Queen Máxima shows much interest in work of EC2 Saba

Queen Máxima paid a virtual visit to Saba’s Expertise Centre Education Care EC2 on Thursday. Officials of EC2 and the Oranje Fund, parents and students participated in an animated, open talk with the Queen.

EC2 won an Orange Apple (“Appeltje van Oranje”) of the Oranje Fund last year for its Ways to Wellbeing project, which offers comprehensive support to vulnerable students to improve their mental well-being.

Ways to Wellbeing was initiated after Hurricane Irma in 2017 to boost the resilience of Saba students, and during the current COVID-19 pandemic it has shown many benefits for children and youngsters in need of special care. EC2 has about 50 participants and plays a cardinal role in Saba’s educational system since there is no special needs school.

Queen Máxima (top, left) paid a virtual visit to EC2 in Saba and talked with the staff, students and parents about the special needs assistance that the organisation provides.

Thursday’s visit by Queen Máxima, the patron of the Oranje Fund together with her husband King Willem-Alexander, took place digitally due to the pandemic. Oranje Fund Director Sandra Jetten opened the digital gathering after which EC2 Director Henriëtte “Jet” van Heijnsbergen explained a bit about what EC2 does and how Ways to Wellbeing works.

“Without well-being, there is no learning,” said Van Heijnsbergen, explaining that EC2 and its staff invested in how children learn best with their challenge. Sitting next to Van Heijnsbergen during the online session was Trisha Gumbs of the Centre for Youth and Family and the Sacred Heart School Board.

Gumbs explained that many parents did not have it easy in Saba with issues such as poverty, domestic violence, single parenthood and multiple problems facing families. Madelyn Johnson of Saba Reach Foundation and the Saba Comprehensive School Board confirmed this. “EC2 helps to take away stigmatisation and helps the children cope with their situation,” said Johnson.

“We always say there is no taboo at EC2. We are very open and we look for the strength in a student. We look at the child from every angle. And we include the parents in the process,” said Van Heijnsbergen.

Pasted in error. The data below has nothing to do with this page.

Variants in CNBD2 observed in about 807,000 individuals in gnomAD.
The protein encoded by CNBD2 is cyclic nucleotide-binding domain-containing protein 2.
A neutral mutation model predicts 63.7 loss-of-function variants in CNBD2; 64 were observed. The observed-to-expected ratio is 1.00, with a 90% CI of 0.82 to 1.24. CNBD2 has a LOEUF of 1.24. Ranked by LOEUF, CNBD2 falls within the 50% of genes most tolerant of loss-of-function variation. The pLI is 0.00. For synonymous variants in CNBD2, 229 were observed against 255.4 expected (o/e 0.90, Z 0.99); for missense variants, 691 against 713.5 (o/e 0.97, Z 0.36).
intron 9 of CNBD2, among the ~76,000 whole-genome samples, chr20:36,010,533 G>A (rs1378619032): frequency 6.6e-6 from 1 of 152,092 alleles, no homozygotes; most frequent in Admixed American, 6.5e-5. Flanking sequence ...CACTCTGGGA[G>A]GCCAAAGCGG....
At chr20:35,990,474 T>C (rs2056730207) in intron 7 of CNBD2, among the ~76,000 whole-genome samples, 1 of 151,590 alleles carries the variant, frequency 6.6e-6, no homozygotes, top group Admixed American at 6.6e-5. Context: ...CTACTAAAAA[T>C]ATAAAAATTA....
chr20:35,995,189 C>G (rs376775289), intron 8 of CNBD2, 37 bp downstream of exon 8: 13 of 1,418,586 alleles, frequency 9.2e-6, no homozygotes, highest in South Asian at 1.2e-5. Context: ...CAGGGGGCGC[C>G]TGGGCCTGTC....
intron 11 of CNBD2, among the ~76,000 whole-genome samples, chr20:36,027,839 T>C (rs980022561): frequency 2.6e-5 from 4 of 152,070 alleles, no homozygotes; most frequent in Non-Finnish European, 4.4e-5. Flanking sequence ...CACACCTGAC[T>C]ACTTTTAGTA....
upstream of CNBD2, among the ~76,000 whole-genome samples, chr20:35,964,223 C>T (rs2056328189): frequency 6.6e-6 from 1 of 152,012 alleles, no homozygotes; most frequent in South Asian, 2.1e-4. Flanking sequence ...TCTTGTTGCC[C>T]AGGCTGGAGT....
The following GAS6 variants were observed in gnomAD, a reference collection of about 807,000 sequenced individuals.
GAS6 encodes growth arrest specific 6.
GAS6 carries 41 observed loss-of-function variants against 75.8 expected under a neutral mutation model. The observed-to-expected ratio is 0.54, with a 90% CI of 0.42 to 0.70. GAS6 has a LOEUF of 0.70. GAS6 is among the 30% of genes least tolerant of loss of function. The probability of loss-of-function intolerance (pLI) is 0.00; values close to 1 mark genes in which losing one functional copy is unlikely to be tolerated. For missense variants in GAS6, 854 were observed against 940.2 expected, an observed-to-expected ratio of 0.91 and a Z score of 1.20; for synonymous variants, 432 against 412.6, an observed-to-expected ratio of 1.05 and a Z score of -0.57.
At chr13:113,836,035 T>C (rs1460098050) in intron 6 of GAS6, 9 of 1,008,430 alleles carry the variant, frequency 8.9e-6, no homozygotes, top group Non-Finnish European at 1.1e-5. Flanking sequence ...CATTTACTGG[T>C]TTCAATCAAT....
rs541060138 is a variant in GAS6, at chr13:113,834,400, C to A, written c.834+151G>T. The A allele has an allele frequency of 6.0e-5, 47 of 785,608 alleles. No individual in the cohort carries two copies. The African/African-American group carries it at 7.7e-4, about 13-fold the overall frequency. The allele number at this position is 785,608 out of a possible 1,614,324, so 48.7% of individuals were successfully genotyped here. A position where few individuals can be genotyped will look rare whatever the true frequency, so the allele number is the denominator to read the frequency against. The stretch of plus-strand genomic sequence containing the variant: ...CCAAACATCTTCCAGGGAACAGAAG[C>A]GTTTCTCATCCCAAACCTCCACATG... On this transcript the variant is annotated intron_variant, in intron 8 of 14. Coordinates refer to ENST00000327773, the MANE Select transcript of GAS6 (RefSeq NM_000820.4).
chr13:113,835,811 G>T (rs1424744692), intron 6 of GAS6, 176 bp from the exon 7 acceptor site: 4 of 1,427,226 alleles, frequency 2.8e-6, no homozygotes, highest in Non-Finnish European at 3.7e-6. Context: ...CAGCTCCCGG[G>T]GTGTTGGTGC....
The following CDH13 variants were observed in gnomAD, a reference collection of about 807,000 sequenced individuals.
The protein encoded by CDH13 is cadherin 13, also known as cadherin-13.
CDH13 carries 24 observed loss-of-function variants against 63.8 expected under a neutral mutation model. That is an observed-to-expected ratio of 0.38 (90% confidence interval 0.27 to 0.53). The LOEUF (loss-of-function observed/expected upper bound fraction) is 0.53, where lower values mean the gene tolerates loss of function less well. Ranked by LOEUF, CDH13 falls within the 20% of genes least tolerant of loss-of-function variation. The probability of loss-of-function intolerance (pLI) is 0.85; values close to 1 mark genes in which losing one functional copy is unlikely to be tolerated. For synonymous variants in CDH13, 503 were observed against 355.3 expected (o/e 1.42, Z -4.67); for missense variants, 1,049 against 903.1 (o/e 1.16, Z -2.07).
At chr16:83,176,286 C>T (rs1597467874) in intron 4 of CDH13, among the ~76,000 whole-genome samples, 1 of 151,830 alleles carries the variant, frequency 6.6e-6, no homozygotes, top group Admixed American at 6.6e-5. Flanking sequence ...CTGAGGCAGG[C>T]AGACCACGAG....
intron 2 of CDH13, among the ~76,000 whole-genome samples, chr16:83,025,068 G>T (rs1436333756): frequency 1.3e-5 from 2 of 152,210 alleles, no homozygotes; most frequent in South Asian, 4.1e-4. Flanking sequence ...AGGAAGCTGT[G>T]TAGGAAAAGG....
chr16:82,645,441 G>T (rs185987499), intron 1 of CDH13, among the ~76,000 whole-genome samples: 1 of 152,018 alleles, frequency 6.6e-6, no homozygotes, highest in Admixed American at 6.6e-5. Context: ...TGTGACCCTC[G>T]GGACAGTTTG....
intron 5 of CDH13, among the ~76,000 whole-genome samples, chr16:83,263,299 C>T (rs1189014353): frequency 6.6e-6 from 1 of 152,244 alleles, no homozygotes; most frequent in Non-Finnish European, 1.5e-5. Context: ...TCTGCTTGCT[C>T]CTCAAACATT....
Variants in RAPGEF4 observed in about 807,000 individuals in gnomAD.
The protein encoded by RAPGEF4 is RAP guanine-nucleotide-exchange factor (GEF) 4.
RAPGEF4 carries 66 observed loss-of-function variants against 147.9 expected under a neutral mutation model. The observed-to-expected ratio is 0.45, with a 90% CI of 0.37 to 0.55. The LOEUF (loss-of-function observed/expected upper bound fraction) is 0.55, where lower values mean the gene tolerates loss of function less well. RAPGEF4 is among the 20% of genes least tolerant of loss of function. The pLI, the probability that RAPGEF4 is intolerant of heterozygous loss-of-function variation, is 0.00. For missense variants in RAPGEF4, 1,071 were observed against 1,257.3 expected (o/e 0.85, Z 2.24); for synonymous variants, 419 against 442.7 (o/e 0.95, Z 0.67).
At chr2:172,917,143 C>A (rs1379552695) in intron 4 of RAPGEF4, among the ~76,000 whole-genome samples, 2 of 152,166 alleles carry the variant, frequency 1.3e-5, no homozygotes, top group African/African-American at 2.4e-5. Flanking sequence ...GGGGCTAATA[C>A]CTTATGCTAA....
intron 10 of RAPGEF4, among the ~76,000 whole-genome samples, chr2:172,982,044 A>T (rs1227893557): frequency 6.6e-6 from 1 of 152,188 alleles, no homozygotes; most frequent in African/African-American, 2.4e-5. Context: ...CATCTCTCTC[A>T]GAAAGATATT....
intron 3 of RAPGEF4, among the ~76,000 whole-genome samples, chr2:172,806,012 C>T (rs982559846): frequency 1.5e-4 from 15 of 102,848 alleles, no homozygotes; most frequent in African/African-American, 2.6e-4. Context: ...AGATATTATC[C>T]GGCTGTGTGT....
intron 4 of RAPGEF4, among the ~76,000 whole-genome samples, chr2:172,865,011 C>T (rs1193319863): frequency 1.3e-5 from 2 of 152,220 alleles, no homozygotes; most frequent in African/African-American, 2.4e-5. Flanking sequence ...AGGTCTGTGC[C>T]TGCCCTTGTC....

With EC2 located right in the centre between the primary and secondary school, EC2 staff is never far from the classrooms for a talk with teachers, and to observe and assist students. For the students, it is easy that EC2 is so close by for individual activities. “You find us in the classroom, in meetings with stakeholders and teachers, [and – Ed.] in one-on-one sessions with students,” said former EC2 psychologist Rayann Ramdin, who helped to develop Ways to Wellbeing.

Queen Máxima was interested in the work of EC2 and the well-being of the Saba children, and asked many questions about, for example, the kind of help that the EC2 participants get, and what more was needed to ensure that the children were receiving the maximum care.

The Queen further enquired about the use of arts and creativity after Van Heijnsbergen told her that this was one of the methods used to help the children develop and also to become more resilient.

Volunteer Claire Mandolado, who started at EC2 six years ago after her nephew was diagnosed with autism, explained about the three-box system for autistic children which includes pictograms of the activities that aid in giving more structure and clarity for the student.

The pandemic has added to the unpredictability for Saba students, explained Ramdin. Queen Máxima asked what the effect of the pandemic had been on the students’ mental health. Ramdin confirmed that this has added stress and anxiety for the students, and that more students were being referred to EC2 since the pandemic.

Queen Máxima was eager to hear about the students and parents themselves. Student Amanda Clarke and her mother Natalee Clarke, and student Ysora Smith and her mother Verianica Smith, with EC2 psychologist Stacey Gomez next to them, spoke with the Queen about their challenges and how EC2 was helping them. Amanda explained how she learned to cope with her anxiety, and Ysora with her dyslexia.

Queen Máxima asked the students about the specific assistance they received and how it helped to improve their grades and become more resilient. She encouraged the students to keep working on their talents, and she complimented the mothers for being so dedicated and for being an inspiration. Before the closing of the digital visit, the Queen thanked everyone for their openness, and said she hoped to see everyone the next time she was in Saba.

The Daily Herald.

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